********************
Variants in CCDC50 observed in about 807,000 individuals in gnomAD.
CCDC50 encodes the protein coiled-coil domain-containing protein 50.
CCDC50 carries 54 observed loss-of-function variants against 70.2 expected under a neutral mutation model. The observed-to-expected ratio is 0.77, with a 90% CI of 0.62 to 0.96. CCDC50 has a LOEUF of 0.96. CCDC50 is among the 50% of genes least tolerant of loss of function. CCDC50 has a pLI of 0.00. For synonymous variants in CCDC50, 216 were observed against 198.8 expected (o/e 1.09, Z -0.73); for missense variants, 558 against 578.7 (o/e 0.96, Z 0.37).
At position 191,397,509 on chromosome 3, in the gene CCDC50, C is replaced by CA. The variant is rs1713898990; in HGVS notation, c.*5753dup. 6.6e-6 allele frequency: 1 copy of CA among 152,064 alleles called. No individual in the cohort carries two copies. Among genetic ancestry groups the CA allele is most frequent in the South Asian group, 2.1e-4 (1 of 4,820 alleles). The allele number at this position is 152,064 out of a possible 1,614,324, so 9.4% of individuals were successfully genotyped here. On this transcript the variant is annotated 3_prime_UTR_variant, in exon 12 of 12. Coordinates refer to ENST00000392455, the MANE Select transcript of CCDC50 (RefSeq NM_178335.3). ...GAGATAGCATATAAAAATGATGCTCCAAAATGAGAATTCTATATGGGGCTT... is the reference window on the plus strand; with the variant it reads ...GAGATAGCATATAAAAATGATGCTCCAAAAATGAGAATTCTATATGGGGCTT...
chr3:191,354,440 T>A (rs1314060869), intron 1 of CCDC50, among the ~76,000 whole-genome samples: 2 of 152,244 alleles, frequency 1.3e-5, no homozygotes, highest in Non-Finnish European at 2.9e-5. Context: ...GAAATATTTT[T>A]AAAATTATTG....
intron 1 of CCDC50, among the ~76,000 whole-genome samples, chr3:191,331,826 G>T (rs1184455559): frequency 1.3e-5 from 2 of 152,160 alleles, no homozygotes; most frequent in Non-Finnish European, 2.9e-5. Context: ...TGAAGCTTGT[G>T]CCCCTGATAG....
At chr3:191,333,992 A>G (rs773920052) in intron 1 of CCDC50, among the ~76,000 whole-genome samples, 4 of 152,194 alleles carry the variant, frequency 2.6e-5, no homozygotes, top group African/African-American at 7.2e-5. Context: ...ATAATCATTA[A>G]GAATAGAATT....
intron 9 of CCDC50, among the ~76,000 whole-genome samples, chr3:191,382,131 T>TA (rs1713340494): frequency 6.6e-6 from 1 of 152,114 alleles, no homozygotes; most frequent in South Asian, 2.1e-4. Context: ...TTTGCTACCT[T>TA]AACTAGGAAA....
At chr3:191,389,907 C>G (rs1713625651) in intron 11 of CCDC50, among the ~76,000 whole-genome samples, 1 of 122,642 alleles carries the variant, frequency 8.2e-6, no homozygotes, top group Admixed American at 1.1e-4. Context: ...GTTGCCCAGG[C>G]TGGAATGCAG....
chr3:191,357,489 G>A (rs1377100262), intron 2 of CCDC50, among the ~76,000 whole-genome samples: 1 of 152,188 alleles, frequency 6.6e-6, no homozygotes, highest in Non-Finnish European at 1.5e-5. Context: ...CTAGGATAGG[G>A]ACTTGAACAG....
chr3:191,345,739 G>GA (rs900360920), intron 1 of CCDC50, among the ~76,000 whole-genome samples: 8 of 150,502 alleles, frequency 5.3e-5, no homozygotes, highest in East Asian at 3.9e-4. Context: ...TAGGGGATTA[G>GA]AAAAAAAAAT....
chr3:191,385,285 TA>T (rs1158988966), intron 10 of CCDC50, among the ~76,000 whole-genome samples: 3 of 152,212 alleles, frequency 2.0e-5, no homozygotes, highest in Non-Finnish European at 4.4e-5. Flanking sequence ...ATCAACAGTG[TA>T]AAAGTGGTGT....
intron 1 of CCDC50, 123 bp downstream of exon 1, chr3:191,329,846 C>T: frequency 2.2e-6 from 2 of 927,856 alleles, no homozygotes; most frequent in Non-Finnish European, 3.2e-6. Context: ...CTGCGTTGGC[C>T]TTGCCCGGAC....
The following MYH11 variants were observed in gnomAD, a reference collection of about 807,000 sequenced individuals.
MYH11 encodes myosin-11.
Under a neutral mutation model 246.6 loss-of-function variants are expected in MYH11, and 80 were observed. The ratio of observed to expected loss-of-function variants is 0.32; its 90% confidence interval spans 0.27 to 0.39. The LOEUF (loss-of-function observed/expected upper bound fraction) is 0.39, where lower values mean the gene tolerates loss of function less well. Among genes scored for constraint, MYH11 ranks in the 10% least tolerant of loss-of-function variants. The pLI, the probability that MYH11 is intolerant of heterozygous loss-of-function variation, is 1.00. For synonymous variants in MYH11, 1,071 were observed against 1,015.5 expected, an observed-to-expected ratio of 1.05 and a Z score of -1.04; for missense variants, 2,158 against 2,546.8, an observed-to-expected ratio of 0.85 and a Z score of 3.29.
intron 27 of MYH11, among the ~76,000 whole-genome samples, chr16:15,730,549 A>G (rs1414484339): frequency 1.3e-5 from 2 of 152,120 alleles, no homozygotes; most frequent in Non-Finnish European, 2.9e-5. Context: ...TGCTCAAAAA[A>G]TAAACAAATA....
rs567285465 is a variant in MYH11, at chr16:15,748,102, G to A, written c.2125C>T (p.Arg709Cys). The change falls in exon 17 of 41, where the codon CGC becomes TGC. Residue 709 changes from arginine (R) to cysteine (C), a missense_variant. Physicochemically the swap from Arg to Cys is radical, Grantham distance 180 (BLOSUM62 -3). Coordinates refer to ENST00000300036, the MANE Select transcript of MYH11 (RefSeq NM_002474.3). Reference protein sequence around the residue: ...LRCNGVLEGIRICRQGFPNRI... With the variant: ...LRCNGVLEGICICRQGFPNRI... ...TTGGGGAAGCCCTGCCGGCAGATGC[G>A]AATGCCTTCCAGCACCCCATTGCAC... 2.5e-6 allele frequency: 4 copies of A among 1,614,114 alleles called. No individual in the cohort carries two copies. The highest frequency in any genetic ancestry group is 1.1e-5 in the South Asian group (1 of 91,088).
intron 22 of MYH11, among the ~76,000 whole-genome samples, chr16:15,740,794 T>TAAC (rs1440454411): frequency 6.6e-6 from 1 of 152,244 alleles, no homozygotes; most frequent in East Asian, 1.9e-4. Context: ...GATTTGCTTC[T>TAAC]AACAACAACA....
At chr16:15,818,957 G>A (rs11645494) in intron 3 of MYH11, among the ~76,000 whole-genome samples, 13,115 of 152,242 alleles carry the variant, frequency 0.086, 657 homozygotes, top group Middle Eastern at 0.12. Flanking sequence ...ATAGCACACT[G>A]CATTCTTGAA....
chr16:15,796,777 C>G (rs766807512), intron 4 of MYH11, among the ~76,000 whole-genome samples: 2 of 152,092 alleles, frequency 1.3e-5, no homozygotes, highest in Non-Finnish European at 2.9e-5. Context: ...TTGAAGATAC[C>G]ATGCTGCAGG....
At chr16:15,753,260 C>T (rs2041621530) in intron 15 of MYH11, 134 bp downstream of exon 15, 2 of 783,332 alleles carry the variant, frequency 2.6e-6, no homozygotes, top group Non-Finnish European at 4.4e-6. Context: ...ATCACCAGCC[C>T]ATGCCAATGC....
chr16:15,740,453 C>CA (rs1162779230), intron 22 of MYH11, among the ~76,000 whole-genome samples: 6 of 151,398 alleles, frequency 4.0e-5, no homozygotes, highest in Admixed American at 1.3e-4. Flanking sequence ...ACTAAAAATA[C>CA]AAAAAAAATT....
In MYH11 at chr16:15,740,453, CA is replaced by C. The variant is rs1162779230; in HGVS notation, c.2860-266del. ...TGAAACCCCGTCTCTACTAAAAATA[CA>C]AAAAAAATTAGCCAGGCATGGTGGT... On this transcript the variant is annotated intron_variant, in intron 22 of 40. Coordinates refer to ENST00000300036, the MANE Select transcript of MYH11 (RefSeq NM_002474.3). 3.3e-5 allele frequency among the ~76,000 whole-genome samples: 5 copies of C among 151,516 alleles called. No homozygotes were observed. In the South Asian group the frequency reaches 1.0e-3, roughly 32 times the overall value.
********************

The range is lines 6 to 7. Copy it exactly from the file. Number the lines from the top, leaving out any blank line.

intron 1 of CCDC50, among the ~76,000 whole-genome samples, chr3:191,331,826 G>T (rs1184455559): frequency 1.3e-5 from 2 of 152,160 alleles, no homozygotes; most frequent in Non-Finnish European, 2.9e-5. Context: ...TGAAGCTTGT[G>T]CCCCTGATAG....
At chr3:191,333,992 A>G (rs773920052) in intron 1 of CCDC50, among the ~76,000 whole-genome samples, 4 of 152,194 alleles carry the variant, frequency 2.6e-5, no homozygotes, top group African/African-American at 7.2e-5. Context: ...ATAATCATTA[A>G]GAATAGAATT....